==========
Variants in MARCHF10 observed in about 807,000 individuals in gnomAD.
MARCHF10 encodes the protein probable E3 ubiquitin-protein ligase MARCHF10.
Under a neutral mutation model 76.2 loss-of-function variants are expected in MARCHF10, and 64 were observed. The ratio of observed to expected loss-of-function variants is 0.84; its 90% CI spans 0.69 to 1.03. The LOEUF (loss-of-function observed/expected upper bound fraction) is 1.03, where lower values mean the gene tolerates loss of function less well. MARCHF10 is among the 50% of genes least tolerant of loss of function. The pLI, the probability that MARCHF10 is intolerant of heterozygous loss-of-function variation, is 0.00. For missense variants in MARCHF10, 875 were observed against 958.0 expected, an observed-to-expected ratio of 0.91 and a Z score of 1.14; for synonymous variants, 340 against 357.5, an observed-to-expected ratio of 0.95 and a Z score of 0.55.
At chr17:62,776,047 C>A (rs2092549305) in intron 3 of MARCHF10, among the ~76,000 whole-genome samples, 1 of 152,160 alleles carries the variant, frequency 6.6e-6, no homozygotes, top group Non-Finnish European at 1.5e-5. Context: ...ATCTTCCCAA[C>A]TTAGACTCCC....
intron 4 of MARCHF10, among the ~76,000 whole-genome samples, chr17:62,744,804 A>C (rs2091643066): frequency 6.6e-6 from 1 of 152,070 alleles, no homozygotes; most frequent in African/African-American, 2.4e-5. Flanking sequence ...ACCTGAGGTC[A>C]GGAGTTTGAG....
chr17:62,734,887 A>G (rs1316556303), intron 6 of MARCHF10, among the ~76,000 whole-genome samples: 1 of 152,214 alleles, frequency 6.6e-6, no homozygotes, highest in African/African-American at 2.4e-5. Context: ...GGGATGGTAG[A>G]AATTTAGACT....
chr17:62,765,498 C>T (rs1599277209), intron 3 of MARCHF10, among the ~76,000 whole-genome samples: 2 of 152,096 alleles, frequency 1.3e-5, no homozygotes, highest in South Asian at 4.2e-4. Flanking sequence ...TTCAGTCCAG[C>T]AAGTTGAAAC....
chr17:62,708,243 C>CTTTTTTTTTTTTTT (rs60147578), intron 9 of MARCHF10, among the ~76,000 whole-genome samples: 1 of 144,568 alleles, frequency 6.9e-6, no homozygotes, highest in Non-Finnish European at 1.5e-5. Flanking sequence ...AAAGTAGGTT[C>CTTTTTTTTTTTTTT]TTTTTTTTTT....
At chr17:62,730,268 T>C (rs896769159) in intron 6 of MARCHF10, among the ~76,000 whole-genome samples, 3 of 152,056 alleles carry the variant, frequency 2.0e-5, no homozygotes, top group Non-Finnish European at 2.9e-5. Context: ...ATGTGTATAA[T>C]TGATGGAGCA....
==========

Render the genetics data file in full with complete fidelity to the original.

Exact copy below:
Variants in MARCHF10 observed in about 807,000 individuals in gnomAD.
MARCHF10 encodes the protein probable E3 ubiquitin-protein ligase MARCHF10.
Under a neutral mutation model 76.2 loss-of-function variants are expected in MARCHF10, and 64 were observed. The ratio of observed to expected loss-of-function variants is 0.84; its 90% CI spans 0.69 to 1.03. The LOEUF (loss-of-function observed/expected upper bound fraction) is 1.03, where lower values mean the gene tolerates loss of function less well. MARCHF10 is among the 50% of genes least tolerant of loss of function. The pLI, the probability that MARCHF10 is intolerant of heterozygous loss-of-function variation, is 0.00. For missense variants in MARCHF10, 875 were observed against 958.0 expected, an observed-to-expected ratio of 0.91 and a Z score of 1.14; for synonymous variants, 340 against 357.5, an observed-to-expected ratio of 0.95 and a Z score of 0.55.
At chr17:62,776,047 C>A (rs2092549305) in intron 3 of MARCHF10, among the ~76,000 whole-genome samples, 1 of 152,160 alleles carries the variant, frequency 6.6e-6, no homozygotes, top group Non-Finnish European at 1.5e-5. Context: ...ATCTTCCCAA[C>A]TTAGACTCCC....
intron 4 of MARCHF10, among the ~76,000 whole-genome samples, chr17:62,744,804 A>C (rs2091643066): frequency 6.6e-6 from 1 of 152,070 alleles, no homozygotes; most frequent in African/African-American, 2.4e-5. Flanking sequence ...ACCTGAGGTC[A>C]GGAGTTTGAG....
chr17:62,734,887 A>G (rs1316556303), intron 6 of MARCHF10, among the ~76,000 whole-genome samples: 1 of 152,214 alleles, frequency 6.6e-6, no homozygotes, highest in African/African-American at 2.4e-5. Context: ...GGGATGGTAG[A>G]AATTTAGACT....
chr17:62,765,498 C>T (rs1599277209), intron 3 of MARCHF10, among the ~76,000 whole-genome samples: 2 of 152,096 alleles, frequency 1.3e-5, no homozygotes, highest in South Asian at 4.2e-4. Flanking sequence ...TTCAGTCCAG[C>T]AAGTTGAAAC....
chr17:62,708,243 C>CTTTTTTTTTTTTTT (rs60147578), intron 9 of MARCHF10, among the ~76,000 whole-genome samples: 1 of 144,568 alleles, frequency 6.9e-6, no homozygotes, highest in Non-Finnish European at 1.5e-5. Flanking sequence ...AAAGTAGGTT[C>CTTTTTTTTTTTTTT]TTTTTTTTTT....
At chr17:62,730,268 T>C (rs896769159) in intron 6 of MARCHF10, among the ~76,000 whole-genome samples, 3 of 152,056 alleles carry the variant, frequency 2.0e-5, no homozygotes, top group Non-Finnish European at 2.9e-5. Context: ...ATGTGTATAA[T>C]TGATGGAGCA....